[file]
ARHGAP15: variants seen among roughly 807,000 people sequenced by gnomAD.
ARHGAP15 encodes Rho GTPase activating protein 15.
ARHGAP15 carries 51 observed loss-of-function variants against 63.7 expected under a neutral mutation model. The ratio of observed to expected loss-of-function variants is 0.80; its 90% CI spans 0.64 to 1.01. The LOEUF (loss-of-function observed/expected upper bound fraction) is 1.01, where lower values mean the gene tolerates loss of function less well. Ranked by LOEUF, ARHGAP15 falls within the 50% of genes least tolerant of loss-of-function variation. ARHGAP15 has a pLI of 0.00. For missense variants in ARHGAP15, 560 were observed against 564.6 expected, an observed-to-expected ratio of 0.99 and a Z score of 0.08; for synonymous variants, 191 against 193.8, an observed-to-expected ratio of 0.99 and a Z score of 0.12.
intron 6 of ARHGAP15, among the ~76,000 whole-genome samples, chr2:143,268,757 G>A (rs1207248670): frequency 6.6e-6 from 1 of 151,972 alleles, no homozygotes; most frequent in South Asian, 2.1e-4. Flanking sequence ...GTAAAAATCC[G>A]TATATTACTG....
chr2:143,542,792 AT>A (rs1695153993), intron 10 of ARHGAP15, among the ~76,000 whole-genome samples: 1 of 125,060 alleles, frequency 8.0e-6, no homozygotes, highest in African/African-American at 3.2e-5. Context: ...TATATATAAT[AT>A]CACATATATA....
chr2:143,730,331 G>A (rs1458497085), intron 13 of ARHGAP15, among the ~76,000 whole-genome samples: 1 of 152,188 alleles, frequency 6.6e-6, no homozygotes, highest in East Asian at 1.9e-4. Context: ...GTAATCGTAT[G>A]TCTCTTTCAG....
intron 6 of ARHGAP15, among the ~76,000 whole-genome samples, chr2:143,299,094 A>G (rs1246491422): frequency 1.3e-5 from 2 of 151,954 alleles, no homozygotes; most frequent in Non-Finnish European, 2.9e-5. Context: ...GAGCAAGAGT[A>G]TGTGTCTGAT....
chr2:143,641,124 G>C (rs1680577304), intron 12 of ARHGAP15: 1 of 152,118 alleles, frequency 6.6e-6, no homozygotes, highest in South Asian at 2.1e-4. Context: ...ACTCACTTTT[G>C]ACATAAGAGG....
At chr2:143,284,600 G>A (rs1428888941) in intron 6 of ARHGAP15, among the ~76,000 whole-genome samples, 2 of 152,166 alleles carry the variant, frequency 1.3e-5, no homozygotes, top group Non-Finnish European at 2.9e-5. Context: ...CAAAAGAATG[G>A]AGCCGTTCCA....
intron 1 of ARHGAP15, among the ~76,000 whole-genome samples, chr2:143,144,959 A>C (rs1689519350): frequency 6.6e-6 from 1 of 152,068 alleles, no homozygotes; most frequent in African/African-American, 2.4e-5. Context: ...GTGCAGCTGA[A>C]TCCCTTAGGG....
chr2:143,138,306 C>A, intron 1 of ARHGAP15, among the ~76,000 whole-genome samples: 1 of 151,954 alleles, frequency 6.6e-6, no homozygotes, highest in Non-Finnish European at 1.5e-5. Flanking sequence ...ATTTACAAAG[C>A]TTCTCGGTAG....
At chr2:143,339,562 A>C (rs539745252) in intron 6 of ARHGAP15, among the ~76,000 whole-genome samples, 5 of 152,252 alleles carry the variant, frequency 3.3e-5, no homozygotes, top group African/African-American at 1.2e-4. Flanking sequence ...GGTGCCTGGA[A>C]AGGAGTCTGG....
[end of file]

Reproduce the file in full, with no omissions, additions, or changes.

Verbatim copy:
ARHGAP15: variants seen among roughly 807,000 people sequenced by gnomAD.
ARHGAP15 encodes Rho GTPase activating protein 15.
ARHGAP15 carries 51 observed loss-of-function variants against 63.7 expected under a neutral mutation model. The ratio of observed to expected loss-of-function variants is 0.80; its 90% CI spans 0.64 to 1.01. The LOEUF (loss-of-function observed/expected upper bound fraction) is 1.01, where lower values mean the gene tolerates loss of function less well. Ranked by LOEUF, ARHGAP15 falls within the 50% of genes least tolerant of loss-of-function variation. ARHGAP15 has a pLI of 0.00. For missense variants in ARHGAP15, 560 were observed against 564.6 expected, an observed-to-expected ratio of 0.99 and a Z score of 0.08; for synonymous variants, 191 against 193.8, an observed-to-expected ratio of 0.99 and a Z score of 0.12.
intron 6 of ARHGAP15, among the ~76,000 whole-genome samples, chr2:143,268,757 G>A (rs1207248670): frequency 6.6e-6 from 1 of 151,972 alleles, no homozygotes; most frequent in South Asian, 2.1e-4. Flanking sequence ...GTAAAAATCC[G>A]TATATTACTG....
chr2:143,542,792 AT>A (rs1695153993), intron 10 of ARHGAP15, among the ~76,000 whole-genome samples: 1 of 125,060 alleles, frequency 8.0e-6, no homozygotes, highest in African/African-American at 3.2e-5. Context: ...TATATATAAT[AT>A]CACATATATA....
chr2:143,730,331 G>A (rs1458497085), intron 13 of ARHGAP15, among the ~76,000 whole-genome samples: 1 of 152,188 alleles, frequency 6.6e-6, no homozygotes, highest in East Asian at 1.9e-4. Context: ...GTAATCGTAT[G>A]TCTCTTTCAG....
intron 6 of ARHGAP15, among the ~76,000 whole-genome samples, chr2:143,299,094 A>G (rs1246491422): frequency 1.3e-5 from 2 of 151,954 alleles, no homozygotes; most frequent in Non-Finnish European, 2.9e-5. Context: ...GAGCAAGAGT[A>G]TGTGTCTGAT....
chr2:143,641,124 G>C (rs1680577304), intron 12 of ARHGAP15: 1 of 152,118 alleles, frequency 6.6e-6, no homozygotes, highest in South Asian at 2.1e-4. Context: ...ACTCACTTTT[G>C]ACATAAGAGG....
At chr2:143,284,600 G>A (rs1428888941) in intron 6 of ARHGAP15, among the ~76,000 whole-genome samples, 2 of 152,166 alleles carry the variant, frequency 1.3e-5, no homozygotes, top group Non-Finnish European at 2.9e-5. Context: ...CAAAAGAATG[G>A]AGCCGTTCCA....
intron 1 of ARHGAP15, among the ~76,000 whole-genome samples, chr2:143,144,959 A>C (rs1689519350): frequency 6.6e-6 from 1 of 152,068 alleles, no homozygotes; most frequent in African/African-American, 2.4e-5. Context: ...GTGCAGCTGA[A>C]TCCCTTAGGG....
chr2:143,138,306 C>A, intron 1 of ARHGAP15, among the ~76,000 whole-genome samples: 1 of 151,954 alleles, frequency 6.6e-6, no homozygotes, highest in Non-Finnish European at 1.5e-5. Flanking sequence ...ATTTACAAAG[C>A]TTCTCGGTAG....
At chr2:143,339,562 A>C (rs539745252) in intron 6 of ARHGAP15, among the ~76,000 whole-genome samples, 5 of 152,252 alleles carry the variant, frequency 3.3e-5, no homozygotes, top group African/African-American at 1.2e-4. Flanking sequence ...GGTGCCTGGA[A>C]AGGAGTCTGG....